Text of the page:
Henry Dimbleby at the House of Lords Food, Diet and Obesity Committee inquiry

Source: House of Lords 2024 / photography by Roger Harris

Henry Dimbleby at the House of Lords Food, Diet and Obesity Committee inquiry

Food industry bosses have told The Grocer they believe Labour is preparing to revive Henry Dimbleby’s National Food Strategy if it wins the general election, raising the prospect of a wave of taxes on food high in fat, sugar or salt

The former heath tsar’s landmark 2021 report included proposals for the soft drinks levy to be replaced by a much wider set of taxes on HFSS food, payable by supermarkets, suppliers and the hospitality sector.

The Leon restaurant founder’s plans have been ignored by ministers under successive Tory leaders. But leading figures in the industry claim Labour is seriously considering turning to Dimbleby’s recommendations in the war on obesity, with the party promising a far more interventionist approach on public health.

Shadow health secretary Wes Streeting said in February he was prepared to “steamroll” the industry into producing healthier food, with Labour promising to bring in the shelved plans for a crackdown on junk food advertising on TV and online. Leader Keir Starmer has since spoken of the positive impact of so-called nanny state policies.

Despite shadow chancellor Rachel Reeves this week ruling out tax rises if Labour triumphs on 4 July, food industry sources said the prospect of a Labour onslaught on health was at “the very top of the agenda” as the clock ticks down to election day.

“I think there is a real prospect that a Labour government will revisit the sugar tax,” said one top industry source.

“The Labour team have looked very closely at Henry’s National Food Strategy and there is a lot of support for it, not least because it can be done quickly. It is almost an off-the-shelf document that doesn’t require a long time, or a big expensive review, in order to show action.

“Moreover, his proposals carry a lot of credibility and have widespread support not just from the health lobby but from quarters within industry.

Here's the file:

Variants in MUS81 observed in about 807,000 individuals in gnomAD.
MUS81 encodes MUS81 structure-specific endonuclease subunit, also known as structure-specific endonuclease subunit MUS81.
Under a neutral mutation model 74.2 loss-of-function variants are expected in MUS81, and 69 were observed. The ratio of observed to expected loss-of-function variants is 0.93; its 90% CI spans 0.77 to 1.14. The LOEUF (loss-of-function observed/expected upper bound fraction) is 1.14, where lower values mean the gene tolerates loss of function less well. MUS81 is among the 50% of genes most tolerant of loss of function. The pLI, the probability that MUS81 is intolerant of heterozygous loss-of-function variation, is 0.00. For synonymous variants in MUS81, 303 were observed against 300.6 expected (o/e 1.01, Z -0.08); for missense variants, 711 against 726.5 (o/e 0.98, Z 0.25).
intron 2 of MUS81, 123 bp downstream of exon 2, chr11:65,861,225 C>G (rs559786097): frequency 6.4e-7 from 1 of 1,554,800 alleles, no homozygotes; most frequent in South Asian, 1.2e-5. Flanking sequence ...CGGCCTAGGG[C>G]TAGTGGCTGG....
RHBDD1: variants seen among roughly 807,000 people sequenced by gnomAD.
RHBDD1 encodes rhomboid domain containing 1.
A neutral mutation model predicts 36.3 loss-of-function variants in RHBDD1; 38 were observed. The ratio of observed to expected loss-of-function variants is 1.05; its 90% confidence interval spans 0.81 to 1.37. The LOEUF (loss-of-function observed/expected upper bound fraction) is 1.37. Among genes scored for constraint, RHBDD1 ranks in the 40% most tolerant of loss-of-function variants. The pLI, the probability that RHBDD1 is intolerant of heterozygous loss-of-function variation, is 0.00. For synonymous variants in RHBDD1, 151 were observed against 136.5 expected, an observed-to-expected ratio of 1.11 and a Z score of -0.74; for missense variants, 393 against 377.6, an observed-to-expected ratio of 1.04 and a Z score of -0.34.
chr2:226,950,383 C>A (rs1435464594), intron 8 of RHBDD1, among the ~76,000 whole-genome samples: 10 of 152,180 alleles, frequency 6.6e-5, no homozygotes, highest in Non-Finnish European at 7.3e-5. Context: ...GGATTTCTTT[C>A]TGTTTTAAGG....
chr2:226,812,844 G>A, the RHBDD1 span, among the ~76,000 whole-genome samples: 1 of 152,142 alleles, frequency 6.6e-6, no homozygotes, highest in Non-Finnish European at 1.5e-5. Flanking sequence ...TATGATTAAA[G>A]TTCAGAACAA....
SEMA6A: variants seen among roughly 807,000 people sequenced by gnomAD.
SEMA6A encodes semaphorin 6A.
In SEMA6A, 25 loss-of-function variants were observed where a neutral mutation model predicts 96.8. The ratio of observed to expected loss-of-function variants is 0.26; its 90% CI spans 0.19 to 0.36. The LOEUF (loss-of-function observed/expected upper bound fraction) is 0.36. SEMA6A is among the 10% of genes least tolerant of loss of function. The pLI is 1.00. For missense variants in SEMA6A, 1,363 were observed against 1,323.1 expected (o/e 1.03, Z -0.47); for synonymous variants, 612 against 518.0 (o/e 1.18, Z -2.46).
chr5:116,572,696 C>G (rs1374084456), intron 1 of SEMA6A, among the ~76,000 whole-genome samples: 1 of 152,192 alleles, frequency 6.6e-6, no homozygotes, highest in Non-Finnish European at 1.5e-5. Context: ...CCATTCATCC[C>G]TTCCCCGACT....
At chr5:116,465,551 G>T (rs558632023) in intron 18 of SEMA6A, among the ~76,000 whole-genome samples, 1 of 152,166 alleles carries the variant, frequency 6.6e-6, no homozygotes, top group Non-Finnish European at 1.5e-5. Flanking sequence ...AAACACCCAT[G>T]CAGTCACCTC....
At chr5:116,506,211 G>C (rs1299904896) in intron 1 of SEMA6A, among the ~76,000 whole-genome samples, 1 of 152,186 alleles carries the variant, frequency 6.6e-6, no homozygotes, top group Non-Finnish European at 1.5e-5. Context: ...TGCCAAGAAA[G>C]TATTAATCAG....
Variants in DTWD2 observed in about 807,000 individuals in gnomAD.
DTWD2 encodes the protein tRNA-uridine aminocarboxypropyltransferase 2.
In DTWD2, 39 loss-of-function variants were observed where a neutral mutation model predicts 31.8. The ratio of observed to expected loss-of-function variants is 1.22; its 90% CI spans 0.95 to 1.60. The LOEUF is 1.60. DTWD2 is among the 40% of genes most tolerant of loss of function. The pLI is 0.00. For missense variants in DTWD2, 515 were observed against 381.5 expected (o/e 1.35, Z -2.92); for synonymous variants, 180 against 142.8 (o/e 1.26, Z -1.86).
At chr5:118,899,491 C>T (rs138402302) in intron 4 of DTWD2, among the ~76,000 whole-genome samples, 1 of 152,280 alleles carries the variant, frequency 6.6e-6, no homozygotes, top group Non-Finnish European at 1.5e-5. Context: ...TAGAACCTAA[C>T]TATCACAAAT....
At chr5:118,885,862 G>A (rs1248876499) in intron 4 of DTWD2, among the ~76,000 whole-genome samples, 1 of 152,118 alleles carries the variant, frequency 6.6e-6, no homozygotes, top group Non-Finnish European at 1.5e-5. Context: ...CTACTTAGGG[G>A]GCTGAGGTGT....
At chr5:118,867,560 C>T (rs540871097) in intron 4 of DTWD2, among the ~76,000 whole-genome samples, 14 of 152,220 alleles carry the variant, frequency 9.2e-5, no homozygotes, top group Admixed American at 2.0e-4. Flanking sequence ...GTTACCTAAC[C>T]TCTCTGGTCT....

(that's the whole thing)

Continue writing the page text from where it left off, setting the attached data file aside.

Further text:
“Bringing in the NFS would mean Labour wouldn’t need to carry out a big inquiry into how to tackle obesity – the science is already there. Some of the shelved measures on HFSS could be revived in a day in parliament. It’s just a matter of activating the statutory instruments.

“And there is a revenue element in terms of the taxation proposals, which I don’t think would go amiss with Reeves despite her protestations.”

Dimbleby, who was appointed by Michael Gove in 2019 and whose advisory panel for the report included former Sainsbury’s CEO Justin King, then Unilever chief Seb Munden and former Greggs boss Roger Whiteside, argued in the report that the soft drinks sugar levy had proved far more effective than voluntary reformulation in pushing the industry to make products healthier.

Dimbleby said it should be extended to a raft of other sectors to “break the junk food cycle” and save the NHS from financial disaster.

Another industry source told The Grocer: “I would not expect a new Labour government to come in and immediately announce a wave of new taxes. It’s not a ‘first 100 days’ thing.

“But in the longer term I think it will launch a crackdown on HFSS foods, fuelled by the wider concern over ultra-processed foods.”

Speculation over Labour’s plans for health comes with leading food companies having agreed to model a new system of reporting on the healthiness of their products, under the government’s joint industry body the Food Data Transparency Partnership (FDTP).

Companies including Tesco, Mars and Nestlé have agreed to trial new metrics including reporting the sales weighted average (in tonnes) of their products based on the government’s nutrient profiling model score. The modelling will also include the percentage of total product sales (tonnage) from HFSS products and the sales-weighted calories content per 100g (calorie density).

It comes after The Grocer revealed last month that FDTP plans for a raft of other metrics, including revenue-based HFSS figures, had been ditched. Campaign groups, as well as some retailers and suppliers, believe the reporting should be mandatory, as suggested in Dimbleby’s report, and also want the government to pass regulation to enforce targets across the industry.